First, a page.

"To do something well is so worthwhile that to die trying to do it better cannot be foolhardy. It would be a waste of life to do nothing with one's ability; life is measured in terms of achievement, not in years alone."
These words are Bruce McLaren's, relayed eloquently through his trusted friend and secretary Eoin Young. The context was a philosophical reflection following the death of a McLaren racer, Timmy Mayer, whose Cooper hit a tree at the fearsome Longford road course in Tasmania.
Bruce McLaren Motor Racing Ltd were in their infancy; Longford marked the final round of the first Tasman series of early 1964, with Bruce emerging as champion in the nascent team's maiden campaign.
But in the awful circumstances, there was little to celebrate. This was motor racing in the 1960s, and this was how McLaren started.
In the context of all that was to follow, particularly in the traumatic aftermath of his own violent demise six years later, McLaren's words would come to carry a deeper meaning - not only for his distraught team, who would pick themselves up and simply carry on, but for every racing driver since who has assessed the mortal risks of this sport, and chosen to do it anyway.
Bruce McLaren spoke for them all, without intending to: that wasn't his style. Those crafted words that would become his epitaph were a measure of the man and, as a consequence, the tight-knit team he founded.
McLaren, as we know them today, are built in his bright image and everything he stood for: honesty, integrity, loyalty, ambition, excellence.
Those values have been stretched and contorted at times over the past decades - and then some. But through the glories and controversies the line has always gone directly back to the founder. Lord knows what he would have made of it all.
The grit in the oyster was the debilitating childhood illness, according to those who watched him grow from solid roots in Remuera, Auckland.
At the age of nine Bruce was knocked off his feet by Perthe's Disease, a condition that limited blood circulation to his developing femur bone. That explained the pain in his hips. He'd spend more than two years lying on a frame with weights hanging from his legs or sitting in a wheelchair, confined to a children's home for so-called 'cripples'.
How this bright, likable boy responded is remarkable.
He read, he studied, he used his wheels to race when no one was watching... and it changed him. Of course it did. But rather than bitterness and anger, the experience instilled empathy and compassion, traits that would remain throughout his short adult life.
Upon recovery McLaren had to learn to walk again, but with one leg now shorter his gait would feature a pronounced limp. By 12, he'd been through so much. And yet, ten years later, aged 22, Bruce would be the youngest ever F1 world championship grand prix winner.
His victory, in a Cooper T51 at the 1959 US GP at Sebring, was a landmark. But he'd come so far and had so much more to give.
By 1963, Bruce was team leader at Cooper in the aftermath of double world champion and friend Jack Brabham's decision to leave and begin his own racing empire.
Not for the first time, Bruce took a leaf from his old mentor's book. Bruce McLaren Motor Racing Ltd was born partly of frustration. While Lotus and BRM were in the ascendant, Cooper's form was sliding, and instinct told McLaren, an inquisitive engineer at heart, that it was time for him to become master of his own destiny.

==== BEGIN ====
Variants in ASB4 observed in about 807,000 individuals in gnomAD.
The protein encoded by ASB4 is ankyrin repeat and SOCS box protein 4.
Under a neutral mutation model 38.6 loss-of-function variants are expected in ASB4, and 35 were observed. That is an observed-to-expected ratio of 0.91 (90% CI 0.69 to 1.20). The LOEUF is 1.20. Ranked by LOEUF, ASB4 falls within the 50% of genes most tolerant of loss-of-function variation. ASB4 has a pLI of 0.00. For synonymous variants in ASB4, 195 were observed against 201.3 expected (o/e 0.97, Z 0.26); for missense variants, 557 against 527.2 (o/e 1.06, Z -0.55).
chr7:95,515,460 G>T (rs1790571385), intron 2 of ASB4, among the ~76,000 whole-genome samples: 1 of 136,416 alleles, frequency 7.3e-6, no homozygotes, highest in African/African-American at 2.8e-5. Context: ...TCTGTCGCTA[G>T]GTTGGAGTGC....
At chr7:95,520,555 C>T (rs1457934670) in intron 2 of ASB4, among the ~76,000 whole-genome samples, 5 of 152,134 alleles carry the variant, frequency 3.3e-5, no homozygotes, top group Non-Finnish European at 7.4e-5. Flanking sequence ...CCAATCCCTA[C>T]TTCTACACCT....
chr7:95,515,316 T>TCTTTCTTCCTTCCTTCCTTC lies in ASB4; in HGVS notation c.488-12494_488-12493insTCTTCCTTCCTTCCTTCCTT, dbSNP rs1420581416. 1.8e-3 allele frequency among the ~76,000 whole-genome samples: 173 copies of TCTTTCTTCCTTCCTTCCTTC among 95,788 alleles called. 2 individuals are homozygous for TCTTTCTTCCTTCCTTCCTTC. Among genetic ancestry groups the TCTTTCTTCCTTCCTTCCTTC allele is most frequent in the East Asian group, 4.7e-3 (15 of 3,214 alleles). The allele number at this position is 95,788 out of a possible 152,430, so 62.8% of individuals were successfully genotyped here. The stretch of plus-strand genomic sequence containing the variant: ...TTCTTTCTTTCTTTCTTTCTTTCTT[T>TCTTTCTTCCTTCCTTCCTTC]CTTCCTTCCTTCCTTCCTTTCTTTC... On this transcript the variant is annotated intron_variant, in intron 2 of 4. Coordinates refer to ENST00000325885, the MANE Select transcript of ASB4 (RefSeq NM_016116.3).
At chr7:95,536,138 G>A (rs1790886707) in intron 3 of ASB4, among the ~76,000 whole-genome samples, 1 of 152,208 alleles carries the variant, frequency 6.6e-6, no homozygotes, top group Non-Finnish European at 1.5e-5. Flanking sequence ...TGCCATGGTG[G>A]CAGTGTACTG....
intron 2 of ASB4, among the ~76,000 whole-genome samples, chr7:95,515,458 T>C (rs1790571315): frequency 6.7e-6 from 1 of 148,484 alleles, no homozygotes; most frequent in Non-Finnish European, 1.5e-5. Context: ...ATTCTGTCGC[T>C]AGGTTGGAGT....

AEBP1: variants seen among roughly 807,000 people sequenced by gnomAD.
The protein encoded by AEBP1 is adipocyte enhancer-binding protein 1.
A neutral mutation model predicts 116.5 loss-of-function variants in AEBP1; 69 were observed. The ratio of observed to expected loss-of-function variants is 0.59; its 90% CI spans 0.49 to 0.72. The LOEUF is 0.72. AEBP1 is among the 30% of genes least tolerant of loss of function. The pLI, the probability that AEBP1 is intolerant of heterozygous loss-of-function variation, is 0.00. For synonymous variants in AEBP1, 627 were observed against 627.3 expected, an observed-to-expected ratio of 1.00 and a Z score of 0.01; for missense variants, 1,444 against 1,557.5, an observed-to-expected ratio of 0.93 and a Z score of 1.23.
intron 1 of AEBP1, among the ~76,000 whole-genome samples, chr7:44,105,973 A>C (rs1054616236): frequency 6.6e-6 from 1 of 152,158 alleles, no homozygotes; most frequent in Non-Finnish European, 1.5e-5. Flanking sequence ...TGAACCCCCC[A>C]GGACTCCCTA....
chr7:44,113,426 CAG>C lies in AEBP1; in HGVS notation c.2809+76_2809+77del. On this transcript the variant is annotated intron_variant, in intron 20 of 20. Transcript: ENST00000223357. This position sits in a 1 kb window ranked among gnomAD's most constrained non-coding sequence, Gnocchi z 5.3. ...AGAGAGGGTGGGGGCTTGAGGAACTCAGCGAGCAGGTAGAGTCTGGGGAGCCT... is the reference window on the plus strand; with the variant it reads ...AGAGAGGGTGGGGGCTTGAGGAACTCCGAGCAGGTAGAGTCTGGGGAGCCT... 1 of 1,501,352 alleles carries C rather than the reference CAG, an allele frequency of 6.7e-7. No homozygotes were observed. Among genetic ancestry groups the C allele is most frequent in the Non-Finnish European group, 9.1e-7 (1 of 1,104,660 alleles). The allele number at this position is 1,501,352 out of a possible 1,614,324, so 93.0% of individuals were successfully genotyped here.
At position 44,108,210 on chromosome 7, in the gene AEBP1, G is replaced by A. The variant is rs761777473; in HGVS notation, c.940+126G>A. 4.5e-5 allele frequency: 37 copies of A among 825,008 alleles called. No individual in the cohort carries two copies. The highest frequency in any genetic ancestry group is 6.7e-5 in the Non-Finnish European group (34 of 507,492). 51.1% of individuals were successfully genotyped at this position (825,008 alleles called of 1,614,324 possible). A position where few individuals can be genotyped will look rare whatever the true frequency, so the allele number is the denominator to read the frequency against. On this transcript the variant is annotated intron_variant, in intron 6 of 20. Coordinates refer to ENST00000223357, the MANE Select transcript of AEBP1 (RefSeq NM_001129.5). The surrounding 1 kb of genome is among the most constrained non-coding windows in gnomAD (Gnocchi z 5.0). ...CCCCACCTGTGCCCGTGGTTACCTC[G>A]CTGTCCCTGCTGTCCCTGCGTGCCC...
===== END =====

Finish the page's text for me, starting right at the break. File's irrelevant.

When Charlie Cooper baulked at McLaren's plans for the new Tasman series 'Down Under' in the first months of 1964, Bruce drove his own path home, with a pair of self-modified Coopers. Mayer's subsequent death, while horrifying, would not derail him.
After all, that 'waste of life' philosophy had percolated into his soul, perhaps from those long days of illness as a boy. There was a reason to carry on.
Before F1, Can-Am was the true foundation of McLaren. The Canadian-American Challenge Cup for 'big banger' open sportscars would prove a happy hunting ground for the team through the 1960s.
It was in this arena that the first 'McLaren' competed, even if it wasn't technically eponymous. Bruce's Cooper Oldsmobile was significant in more ways than one.
Bought from Roger Penske, who had raced it successfully with a Ford engine as the Zerex Special, McLaren's 1964 campaign with the sportscar based on a modified T53 single-seater was central to his team's future.
Without it, sharp-minded lawyer Teddy Mayer probably wouldn't have been convinced to leave the US for cold, grey England to help build a company from scratch to go motor racing - the sport that had just claimed the life of his younger brother Timmy.
That he followed Bruce across the Atlantic says everything about McLaren's quiet power. This was a man easy to like, to trust. Here was a man to believe in.
As momentum grew with the early Can-Am cars, Bruce considered his team's expansion into F1. By 1965, he was juggling roles: he was still driving for Cooper, but needed help to design and build his first F1 car.
His solution again offers insight into his character. He could have hired a trusted old hand, but instead chose a promising 24-year-old aeronautical engineer and motor-racing fanatic - with no previous experience.
Robin Herd was a brilliant Oxford graduate who had been at school with F2 racer Alan Rees. It was Rees who mentioned his name to Kiwi McLaren mechanic (and future F1 racer himself) Howden Ganley.
Herd met McLaren and Mayer, and suddenly found himself pitching up for work at the team's basic HQ in Feltham. Bruce was about to head out for the Tasman series again and Herd's brief was to design and build an F1 car while he was gone. This was trust.
Herd's employment at McLaren was short-lived. He'd leave for an ambitious four-wheel drive F1 project at Cosworth that never graced a grid, before founding the March team with Rees, Graham Coaker and a suave fellow Oxford graduate named Max Mosley.